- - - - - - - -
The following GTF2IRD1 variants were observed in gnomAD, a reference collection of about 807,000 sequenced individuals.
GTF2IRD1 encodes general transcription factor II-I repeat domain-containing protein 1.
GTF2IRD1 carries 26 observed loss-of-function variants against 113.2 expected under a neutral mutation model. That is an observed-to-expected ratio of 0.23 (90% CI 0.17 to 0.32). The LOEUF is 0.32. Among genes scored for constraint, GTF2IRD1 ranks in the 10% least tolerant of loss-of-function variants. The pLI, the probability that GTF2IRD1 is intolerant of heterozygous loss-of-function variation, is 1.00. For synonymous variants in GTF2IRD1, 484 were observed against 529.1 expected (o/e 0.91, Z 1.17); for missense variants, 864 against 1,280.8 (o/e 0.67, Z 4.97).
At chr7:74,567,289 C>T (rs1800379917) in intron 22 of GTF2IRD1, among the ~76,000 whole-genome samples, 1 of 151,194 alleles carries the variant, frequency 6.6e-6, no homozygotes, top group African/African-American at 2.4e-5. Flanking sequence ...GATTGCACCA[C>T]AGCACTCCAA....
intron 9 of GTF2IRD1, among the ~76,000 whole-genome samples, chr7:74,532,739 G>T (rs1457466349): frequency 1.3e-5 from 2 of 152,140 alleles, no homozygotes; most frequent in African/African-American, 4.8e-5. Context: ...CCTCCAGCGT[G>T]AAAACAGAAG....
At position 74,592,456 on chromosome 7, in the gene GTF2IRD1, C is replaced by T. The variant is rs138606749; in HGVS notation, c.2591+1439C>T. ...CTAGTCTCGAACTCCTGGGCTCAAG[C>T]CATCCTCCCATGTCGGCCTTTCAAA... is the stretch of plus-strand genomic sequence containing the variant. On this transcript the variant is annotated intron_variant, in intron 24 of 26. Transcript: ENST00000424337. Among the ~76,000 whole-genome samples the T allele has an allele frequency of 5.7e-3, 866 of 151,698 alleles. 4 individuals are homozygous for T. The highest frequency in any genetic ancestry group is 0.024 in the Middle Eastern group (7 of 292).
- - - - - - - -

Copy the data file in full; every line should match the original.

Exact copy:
The following GTF2IRD1 variants were observed in gnomAD, a reference collection of about 807,000 sequenced individuals.
GTF2IRD1 encodes general transcription factor II-I repeat domain-containing protein 1.
GTF2IRD1 carries 26 observed loss-of-function variants against 113.2 expected under a neutral mutation model. That is an observed-to-expected ratio of 0.23 (90% CI 0.17 to 0.32). The LOEUF is 0.32. Among genes scored for constraint, GTF2IRD1 ranks in the 10% least tolerant of loss-of-function variants. The pLI, the probability that GTF2IRD1 is intolerant of heterozygous loss-of-function variation, is 1.00. For synonymous variants in GTF2IRD1, 484 were observed against 529.1 expected (o/e 0.91, Z 1.17); for missense variants, 864 against 1,280.8 (o/e 0.67, Z 4.97).
At chr7:74,567,289 C>T (rs1800379917) in intron 22 of GTF2IRD1, among the ~76,000 whole-genome samples, 1 of 151,194 alleles carries the variant, frequency 6.6e-6, no homozygotes, top group African/African-American at 2.4e-5. Flanking sequence ...GATTGCACCA[C>T]AGCACTCCAA....
intron 9 of GTF2IRD1, among the ~76,000 whole-genome samples, chr7:74,532,739 G>T (rs1457466349): frequency 1.3e-5 from 2 of 152,140 alleles, no homozygotes; most frequent in African/African-American, 4.8e-5. Context: ...CCTCCAGCGT[G>T]AAAACAGAAG....
At position 74,592,456 on chromosome 7, in the gene GTF2IRD1, C is replaced by T. The variant is rs138606749; in HGVS notation, c.2591+1439C>T. ...CTAGTCTCGAACTCCTGGGCTCAAG[C>T]CATCCTCCCATGTCGGCCTTTCAAA... is the stretch of plus-strand genomic sequence containing the variant. On this transcript the variant is annotated intron_variant, in intron 24 of 26. Transcript: ENST00000424337. Among the ~76,000 whole-genome samples the T allele has an allele frequency of 5.7e-3, 866 of 151,698 alleles. 4 individuals are homozygous for T. The highest frequency in any genetic ancestry group is 0.024 in the Middle Eastern group (7 of 292).